Imagine your partner puts the dog's food down, but you realize the dog wasn't supposed to eat. Perhaps the dog is due for minor surgery at the vet clinic and is supposed to fast. You've already booked the day off work and so it's even more important to go ahead today. Without thinking, you swoop down with the intention of removing the food bowl... only to have the dog growl and lunge at you.
Shocked, it now occurs to you the dog has been getting defensive over his meals of late. Then a horrible thought pops into your mind. What if the kids get between the dog and his dinner?
This concern is totally valid, because dog food aggression can pose a significant risk to the unwary owner.
Such behavior isn't the dog being dominant, and it is a mistake to view it as such. Down this path lies the potential for an ill-informed owner to challenge the dog and forcibly remove the food in order to prove who is boss. This is likely to end with the owner being bitten and the dog erroneously labeled as aggressive.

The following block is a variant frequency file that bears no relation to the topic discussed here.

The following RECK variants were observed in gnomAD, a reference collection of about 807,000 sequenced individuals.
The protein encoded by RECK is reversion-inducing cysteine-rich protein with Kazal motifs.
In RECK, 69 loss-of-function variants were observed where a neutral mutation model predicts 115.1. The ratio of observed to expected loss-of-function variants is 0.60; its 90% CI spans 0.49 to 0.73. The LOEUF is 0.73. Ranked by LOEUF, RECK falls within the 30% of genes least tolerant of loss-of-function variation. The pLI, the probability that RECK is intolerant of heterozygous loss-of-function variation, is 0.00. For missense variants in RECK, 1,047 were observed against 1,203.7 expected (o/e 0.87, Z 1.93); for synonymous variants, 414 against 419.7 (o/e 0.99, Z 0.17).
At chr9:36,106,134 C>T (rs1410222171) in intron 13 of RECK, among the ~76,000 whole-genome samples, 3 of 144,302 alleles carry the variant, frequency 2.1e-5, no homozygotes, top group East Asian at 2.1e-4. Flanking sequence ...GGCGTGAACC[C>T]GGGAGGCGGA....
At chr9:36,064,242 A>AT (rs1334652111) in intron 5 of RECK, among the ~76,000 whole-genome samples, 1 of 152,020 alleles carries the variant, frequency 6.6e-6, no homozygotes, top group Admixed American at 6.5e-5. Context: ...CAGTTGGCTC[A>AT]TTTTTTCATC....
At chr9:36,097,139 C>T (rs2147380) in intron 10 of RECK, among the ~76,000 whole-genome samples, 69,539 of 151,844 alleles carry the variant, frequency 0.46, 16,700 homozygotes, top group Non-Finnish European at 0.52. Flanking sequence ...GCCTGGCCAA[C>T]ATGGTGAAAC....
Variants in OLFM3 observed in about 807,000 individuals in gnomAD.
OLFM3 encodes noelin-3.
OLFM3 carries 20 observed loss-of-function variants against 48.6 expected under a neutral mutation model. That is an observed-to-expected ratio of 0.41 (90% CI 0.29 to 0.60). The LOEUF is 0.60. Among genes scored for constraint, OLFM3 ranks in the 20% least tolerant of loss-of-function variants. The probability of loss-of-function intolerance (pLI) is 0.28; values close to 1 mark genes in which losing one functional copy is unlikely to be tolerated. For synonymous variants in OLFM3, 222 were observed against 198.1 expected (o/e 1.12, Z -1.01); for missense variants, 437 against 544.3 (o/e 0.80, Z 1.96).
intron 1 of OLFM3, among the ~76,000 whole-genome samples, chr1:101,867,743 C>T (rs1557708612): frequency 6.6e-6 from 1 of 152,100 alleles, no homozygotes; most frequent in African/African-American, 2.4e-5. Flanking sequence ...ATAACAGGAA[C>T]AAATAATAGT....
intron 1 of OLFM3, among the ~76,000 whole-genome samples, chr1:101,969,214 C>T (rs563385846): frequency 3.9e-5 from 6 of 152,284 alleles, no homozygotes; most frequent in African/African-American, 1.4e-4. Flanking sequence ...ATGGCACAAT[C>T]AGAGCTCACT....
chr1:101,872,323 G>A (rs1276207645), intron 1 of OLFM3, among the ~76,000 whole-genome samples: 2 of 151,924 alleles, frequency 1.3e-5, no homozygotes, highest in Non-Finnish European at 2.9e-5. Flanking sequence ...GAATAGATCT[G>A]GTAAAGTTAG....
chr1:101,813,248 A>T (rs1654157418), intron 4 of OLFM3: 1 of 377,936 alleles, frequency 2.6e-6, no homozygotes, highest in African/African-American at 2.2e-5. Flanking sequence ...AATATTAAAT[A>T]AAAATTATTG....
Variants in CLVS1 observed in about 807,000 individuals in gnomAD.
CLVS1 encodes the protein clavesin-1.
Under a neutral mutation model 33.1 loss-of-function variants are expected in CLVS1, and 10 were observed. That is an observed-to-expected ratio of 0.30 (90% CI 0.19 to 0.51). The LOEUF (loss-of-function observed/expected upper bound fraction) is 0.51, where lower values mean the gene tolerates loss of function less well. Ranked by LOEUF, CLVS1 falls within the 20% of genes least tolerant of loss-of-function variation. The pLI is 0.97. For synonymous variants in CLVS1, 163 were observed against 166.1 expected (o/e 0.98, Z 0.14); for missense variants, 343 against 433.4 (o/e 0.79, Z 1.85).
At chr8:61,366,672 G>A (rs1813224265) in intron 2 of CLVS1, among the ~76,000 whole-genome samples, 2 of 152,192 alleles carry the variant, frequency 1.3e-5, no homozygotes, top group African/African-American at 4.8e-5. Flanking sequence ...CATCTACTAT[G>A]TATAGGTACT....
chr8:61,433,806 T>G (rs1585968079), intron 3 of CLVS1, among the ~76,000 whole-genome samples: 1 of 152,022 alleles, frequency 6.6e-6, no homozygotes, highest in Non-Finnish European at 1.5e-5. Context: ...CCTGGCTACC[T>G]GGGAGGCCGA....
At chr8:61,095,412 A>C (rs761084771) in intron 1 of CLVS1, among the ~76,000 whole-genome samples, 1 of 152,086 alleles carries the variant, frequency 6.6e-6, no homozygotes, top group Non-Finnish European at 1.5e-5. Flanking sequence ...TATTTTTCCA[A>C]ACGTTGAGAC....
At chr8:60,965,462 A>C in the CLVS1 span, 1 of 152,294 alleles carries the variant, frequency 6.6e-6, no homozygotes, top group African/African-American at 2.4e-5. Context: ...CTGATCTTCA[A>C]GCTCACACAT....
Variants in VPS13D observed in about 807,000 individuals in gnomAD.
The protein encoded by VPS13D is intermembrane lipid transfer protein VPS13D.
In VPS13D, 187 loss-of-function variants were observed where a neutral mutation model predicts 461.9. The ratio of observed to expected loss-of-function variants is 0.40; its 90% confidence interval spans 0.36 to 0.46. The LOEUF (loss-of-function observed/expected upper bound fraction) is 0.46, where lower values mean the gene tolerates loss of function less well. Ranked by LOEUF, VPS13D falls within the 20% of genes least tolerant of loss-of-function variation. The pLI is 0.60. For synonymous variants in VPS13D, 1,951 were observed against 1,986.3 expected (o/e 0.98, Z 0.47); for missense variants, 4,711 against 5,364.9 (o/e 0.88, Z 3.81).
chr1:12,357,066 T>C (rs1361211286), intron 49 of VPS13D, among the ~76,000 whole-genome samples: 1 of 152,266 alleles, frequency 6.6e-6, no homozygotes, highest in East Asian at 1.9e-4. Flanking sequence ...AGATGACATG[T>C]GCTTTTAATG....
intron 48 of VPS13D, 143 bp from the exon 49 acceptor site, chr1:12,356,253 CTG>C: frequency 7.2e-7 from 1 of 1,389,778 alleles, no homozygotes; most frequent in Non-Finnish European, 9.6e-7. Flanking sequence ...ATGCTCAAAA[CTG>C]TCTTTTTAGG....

Instead, it is better to correct the problem using dog psychology. This relies on changing the dog's perception of people as a threat to his food, and instead help him view people as providers.
Never rush this training or place yourself in danger. Also, be prepared to take baby steps and only progress once the dog has been relaxed on at least 10 consecutive meal times. If you force the pace, at best all your good work will be undone in an instant and at worst you may get badly bitten.
Also, know that prevention is better than cure. The methods listed below are also ideal to use with a new puppy so that he gets off on the right paw from the start.
You will need: